The contribution that heritage sites and historic buildings make to the UK’s economy is significant, enabling the country to leverage value from unique assets that attract visitors from all over the world.
While the pandemic restrictions led to unusual fluctuations in visitor numbers, the pre-pandemic figures provide a more reliable picture of how popular heritage attractions are in the UK – and the numbers speak for themselves.
According to English Heritage, 6.2 million people visited its sites in their 2019/2020 year and visitor attractions who are members of ALVA (Association of Leading Visitor Attractions) – many of which are heritage sites –recorded a total of 156.6 million visits in 2019. Top draws for visitors before the pandemic already included Royal Botanic Gardens at Kew, Edinburgh Castle and Stonehenge, and during the Covid affected 2020-2021 period there was a significant shift to outdoor attractions which saw Windsor Great Park hit top spot in 2021’s figures.
What the visitor numbers show is the strong appetite for tourists to experience and explore the UK’s rich heritage, both inside buildings and the grounds in which they are set. That means ensuring the outdoor ‘offer’ is attractive and useable spaces are equipped in a way that enables events, facilities and services to be extended right across a site.
Key to enabling this is access to power. Almost any outdoor space around a heritage building, such as a courtyard, paved areas around entrances/exits, parks and gardens, footpaths and car parks, can be prepared for power connectivity through the installation of outdoor power distribution units. And as a result, events ranging from food and drink festivals and Christmas fairs to live music gigs and children’s entertainment can be hosted.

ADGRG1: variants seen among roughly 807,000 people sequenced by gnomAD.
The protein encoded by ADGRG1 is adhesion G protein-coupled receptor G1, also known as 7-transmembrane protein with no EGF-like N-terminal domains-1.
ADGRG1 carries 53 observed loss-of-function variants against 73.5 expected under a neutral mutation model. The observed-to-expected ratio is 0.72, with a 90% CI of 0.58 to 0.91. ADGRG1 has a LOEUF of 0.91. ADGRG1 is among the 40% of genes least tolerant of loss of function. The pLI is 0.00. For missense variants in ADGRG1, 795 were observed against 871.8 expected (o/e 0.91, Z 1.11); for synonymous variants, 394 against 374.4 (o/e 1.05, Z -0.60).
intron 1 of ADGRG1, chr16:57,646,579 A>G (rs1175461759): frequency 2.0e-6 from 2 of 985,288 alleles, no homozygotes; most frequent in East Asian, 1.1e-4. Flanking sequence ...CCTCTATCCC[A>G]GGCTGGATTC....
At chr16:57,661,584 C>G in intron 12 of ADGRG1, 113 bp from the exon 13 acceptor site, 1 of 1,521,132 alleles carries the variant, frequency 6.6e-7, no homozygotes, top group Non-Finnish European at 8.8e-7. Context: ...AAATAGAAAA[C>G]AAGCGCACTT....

Outdoor power distribution units from UK company Pop Up Power Supplies are designed to be permanently installed in the ground, strategically positioned for easy connection, which means they are always ready and available for users. Hiring temporary generators, therefore, should no longer be necessary, providing the anticipated usage and number of users has been correctly identified and the design and specification stage.
Two products in the Pop Up Power Supplies range are ideal for historic and architecturally sensitive locations because they are hidden when not in use – the pop-up power unit and the in-ground power unit.
Pop-up power units are retractable. When not in use they are submerged in the ground, with the only evidence of their presence being the unit’s lid. When an event requires a power connection, the unit is raised from the ground using a simple turning handle – and after the event, the unit is lowered easily back into the ground.
An in-ground unit is accessed via a lockable flip-lid which is recessed to allow for paving, grass or other surface coverings to match the surroundings. This makes it virtually unnoticeable when the lid is closed. Power can be drawn from the unit with the lid locked down, which makes the unit ideal for continuous unattended use.
The ‘hidden in plain sight’ benefit of both the pop-up and in-ground unit is popular with architects, landscape designers and estates managers who are keen to minimise the visual impact of an outdoor power distribution unit.
A number of high profile heritage sites already benefit from these units, including Edinburgh Castle, the Sunken Garden at Kensington Palace and the Cutty Sark in Greenwich.
To find out more visit www.popuppower.co.uk.
Tel: 020 8227 0208